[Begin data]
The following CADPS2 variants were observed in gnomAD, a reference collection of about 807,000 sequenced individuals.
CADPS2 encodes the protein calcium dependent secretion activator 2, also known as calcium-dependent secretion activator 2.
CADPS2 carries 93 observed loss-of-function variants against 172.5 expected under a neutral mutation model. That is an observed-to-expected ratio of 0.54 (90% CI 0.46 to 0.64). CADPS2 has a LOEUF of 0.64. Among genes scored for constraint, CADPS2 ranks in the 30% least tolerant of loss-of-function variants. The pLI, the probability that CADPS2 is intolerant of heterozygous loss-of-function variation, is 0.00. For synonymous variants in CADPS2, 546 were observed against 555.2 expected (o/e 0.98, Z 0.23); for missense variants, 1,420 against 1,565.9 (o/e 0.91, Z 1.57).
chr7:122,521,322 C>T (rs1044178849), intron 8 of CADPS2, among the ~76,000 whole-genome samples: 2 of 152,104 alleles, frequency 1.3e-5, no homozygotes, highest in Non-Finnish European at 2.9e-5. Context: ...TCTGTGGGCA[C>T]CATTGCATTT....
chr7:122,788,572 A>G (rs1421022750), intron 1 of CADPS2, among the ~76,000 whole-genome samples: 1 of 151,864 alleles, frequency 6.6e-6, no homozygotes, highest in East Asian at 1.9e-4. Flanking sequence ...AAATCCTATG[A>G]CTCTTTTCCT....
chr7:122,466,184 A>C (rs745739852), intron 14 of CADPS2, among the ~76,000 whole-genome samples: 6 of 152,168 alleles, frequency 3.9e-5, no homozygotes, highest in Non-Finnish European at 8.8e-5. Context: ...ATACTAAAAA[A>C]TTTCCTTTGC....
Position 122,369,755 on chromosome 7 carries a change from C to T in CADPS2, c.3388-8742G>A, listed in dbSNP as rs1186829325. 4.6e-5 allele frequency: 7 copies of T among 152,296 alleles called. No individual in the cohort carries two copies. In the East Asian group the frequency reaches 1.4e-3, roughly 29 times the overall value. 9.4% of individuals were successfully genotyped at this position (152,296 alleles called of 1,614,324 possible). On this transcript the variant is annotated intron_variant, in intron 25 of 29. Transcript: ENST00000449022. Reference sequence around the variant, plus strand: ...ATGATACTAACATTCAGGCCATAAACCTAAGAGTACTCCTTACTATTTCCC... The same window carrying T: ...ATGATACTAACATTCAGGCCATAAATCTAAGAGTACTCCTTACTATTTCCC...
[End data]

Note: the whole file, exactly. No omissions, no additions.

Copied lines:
The following CADPS2 variants were observed in gnomAD, a reference collection of about 807,000 sequenced individuals.
CADPS2 encodes the protein calcium dependent secretion activator 2, also known as calcium-dependent secretion activator 2.
CADPS2 carries 93 observed loss-of-function variants against 172.5 expected under a neutral mutation model. That is an observed-to-expected ratio of 0.54 (90% CI 0.46 to 0.64). CADPS2 has a LOEUF of 0.64. Among genes scored for constraint, CADPS2 ranks in the 30% least tolerant of loss-of-function variants. The pLI, the probability that CADPS2 is intolerant of heterozygous loss-of-function variation, is 0.00. For synonymous variants in CADPS2, 546 were observed against 555.2 expected (o/e 0.98, Z 0.23); for missense variants, 1,420 against 1,565.9 (o/e 0.91, Z 1.57).
chr7:122,521,322 C>T (rs1044178849), intron 8 of CADPS2, among the ~76,000 whole-genome samples: 2 of 152,104 alleles, frequency 1.3e-5, no homozygotes, highest in Non-Finnish European at 2.9e-5. Context: ...TCTGTGGGCA[C>T]CATTGCATTT....
chr7:122,788,572 A>G (rs1421022750), intron 1 of CADPS2, among the ~76,000 whole-genome samples: 1 of 151,864 alleles, frequency 6.6e-6, no homozygotes, highest in East Asian at 1.9e-4. Flanking sequence ...AAATCCTATG[A>G]CTCTTTTCCT....
chr7:122,466,184 A>C (rs745739852), intron 14 of CADPS2, among the ~76,000 whole-genome samples: 6 of 152,168 alleles, frequency 3.9e-5, no homozygotes, highest in Non-Finnish European at 8.8e-5. Context: ...ATACTAAAAA[A>C]TTTCCTTTGC....
Position 122,369,755 on chromosome 7 carries a change from C to T in CADPS2, c.3388-8742G>A, listed in dbSNP as rs1186829325. 4.6e-5 allele frequency: 7 copies of T among 152,296 alleles called. No individual in the cohort carries two copies. In the East Asian group the frequency reaches 1.4e-3, roughly 29 times the overall value. 9.4% of individuals were successfully genotyped at this position (152,296 alleles called of 1,614,324 possible). On this transcript the variant is annotated intron_variant, in intron 25 of 29. Transcript: ENST00000449022. Reference sequence around the variant, plus strand: ...ATGATACTAACATTCAGGCCATAAACCTAAGAGTACTCCTTACTATTTCCC... The same window carrying T: ...ATGATACTAACATTCAGGCCATAAATCTAAGAGTACTCCTTACTATTTCCC...